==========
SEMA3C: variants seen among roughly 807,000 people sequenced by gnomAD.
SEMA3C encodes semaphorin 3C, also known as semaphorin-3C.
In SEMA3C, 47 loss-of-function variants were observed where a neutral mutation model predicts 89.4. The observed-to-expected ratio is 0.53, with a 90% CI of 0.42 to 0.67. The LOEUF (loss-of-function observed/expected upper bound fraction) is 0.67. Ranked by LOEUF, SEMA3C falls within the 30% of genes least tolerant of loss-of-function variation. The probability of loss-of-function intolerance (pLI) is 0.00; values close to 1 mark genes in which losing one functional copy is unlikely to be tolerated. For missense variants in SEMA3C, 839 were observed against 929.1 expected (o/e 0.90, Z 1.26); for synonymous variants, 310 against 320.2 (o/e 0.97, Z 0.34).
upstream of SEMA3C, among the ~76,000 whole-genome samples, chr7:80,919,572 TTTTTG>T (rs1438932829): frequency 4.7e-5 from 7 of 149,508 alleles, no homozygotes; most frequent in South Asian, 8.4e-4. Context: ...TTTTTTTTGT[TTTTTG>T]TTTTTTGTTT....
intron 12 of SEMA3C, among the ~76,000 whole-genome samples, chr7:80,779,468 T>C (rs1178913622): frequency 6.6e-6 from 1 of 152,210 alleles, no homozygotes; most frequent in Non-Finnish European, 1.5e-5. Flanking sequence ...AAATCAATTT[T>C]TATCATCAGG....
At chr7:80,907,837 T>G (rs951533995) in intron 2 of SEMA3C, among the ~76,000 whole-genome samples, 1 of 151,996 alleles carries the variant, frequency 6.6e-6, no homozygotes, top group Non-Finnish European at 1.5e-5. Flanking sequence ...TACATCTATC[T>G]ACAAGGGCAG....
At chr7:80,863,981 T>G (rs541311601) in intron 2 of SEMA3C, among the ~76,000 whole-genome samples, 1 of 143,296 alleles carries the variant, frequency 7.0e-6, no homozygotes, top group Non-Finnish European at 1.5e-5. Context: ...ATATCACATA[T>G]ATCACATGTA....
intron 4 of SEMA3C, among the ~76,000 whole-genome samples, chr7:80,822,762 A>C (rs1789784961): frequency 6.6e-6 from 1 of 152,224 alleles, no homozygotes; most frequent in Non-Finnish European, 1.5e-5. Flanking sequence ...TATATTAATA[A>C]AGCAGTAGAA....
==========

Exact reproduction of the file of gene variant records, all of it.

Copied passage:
SEMA3C: variants seen among roughly 807,000 people sequenced by gnomAD.
SEMA3C encodes semaphorin 3C, also known as semaphorin-3C.
In SEMA3C, 47 loss-of-function variants were observed where a neutral mutation model predicts 89.4. The observed-to-expected ratio is 0.53, with a 90% CI of 0.42 to 0.67. The LOEUF (loss-of-function observed/expected upper bound fraction) is 0.67. Ranked by LOEUF, SEMA3C falls within the 30% of genes least tolerant of loss-of-function variation. The probability of loss-of-function intolerance (pLI) is 0.00; values close to 1 mark genes in which losing one functional copy is unlikely to be tolerated. For missense variants in SEMA3C, 839 were observed against 929.1 expected (o/e 0.90, Z 1.26); for synonymous variants, 310 against 320.2 (o/e 0.97, Z 0.34).
upstream of SEMA3C, among the ~76,000 whole-genome samples, chr7:80,919,572 TTTTTG>T (rs1438932829): frequency 4.7e-5 from 7 of 149,508 alleles, no homozygotes; most frequent in South Asian, 8.4e-4. Context: ...TTTTTTTTGT[TTTTTG>T]TTTTTTGTTT....
intron 12 of SEMA3C, among the ~76,000 whole-genome samples, chr7:80,779,468 T>C (rs1178913622): frequency 6.6e-6 from 1 of 152,210 alleles, no homozygotes; most frequent in Non-Finnish European, 1.5e-5. Flanking sequence ...AAATCAATTT[T>C]TATCATCAGG....
At chr7:80,907,837 T>G (rs951533995) in intron 2 of SEMA3C, among the ~76,000 whole-genome samples, 1 of 151,996 alleles carries the variant, frequency 6.6e-6, no homozygotes, top group Non-Finnish European at 1.5e-5. Flanking sequence ...TACATCTATC[T>G]ACAAGGGCAG....
At chr7:80,863,981 T>G (rs541311601) in intron 2 of SEMA3C, among the ~76,000 whole-genome samples, 1 of 143,296 alleles carries the variant, frequency 7.0e-6, no homozygotes, top group Non-Finnish European at 1.5e-5. Context: ...ATATCACATA[T>G]ATCACATGTA....
intron 4 of SEMA3C, among the ~76,000 whole-genome samples, chr7:80,822,762 A>C (rs1789784961): frequency 6.6e-6 from 1 of 152,224 alleles, no homozygotes; most frequent in Non-Finnish European, 1.5e-5. Flanking sequence ...TATATTAATA[A>C]AGCAGTAGAA....